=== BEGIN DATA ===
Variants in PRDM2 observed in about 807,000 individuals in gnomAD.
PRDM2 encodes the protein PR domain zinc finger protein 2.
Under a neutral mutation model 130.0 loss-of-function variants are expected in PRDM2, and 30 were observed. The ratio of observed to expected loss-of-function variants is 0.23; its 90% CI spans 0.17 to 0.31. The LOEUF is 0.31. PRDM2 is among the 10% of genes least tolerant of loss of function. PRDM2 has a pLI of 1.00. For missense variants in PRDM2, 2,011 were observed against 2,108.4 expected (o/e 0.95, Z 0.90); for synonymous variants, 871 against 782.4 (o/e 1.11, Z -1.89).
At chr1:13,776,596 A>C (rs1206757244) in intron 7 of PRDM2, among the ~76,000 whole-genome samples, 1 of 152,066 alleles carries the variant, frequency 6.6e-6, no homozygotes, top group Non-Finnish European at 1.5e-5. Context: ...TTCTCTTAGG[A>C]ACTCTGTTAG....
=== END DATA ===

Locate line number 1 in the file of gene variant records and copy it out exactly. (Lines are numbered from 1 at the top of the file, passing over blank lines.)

Variants in PRDM2 observed in about 807,000 individuals in gnomAD.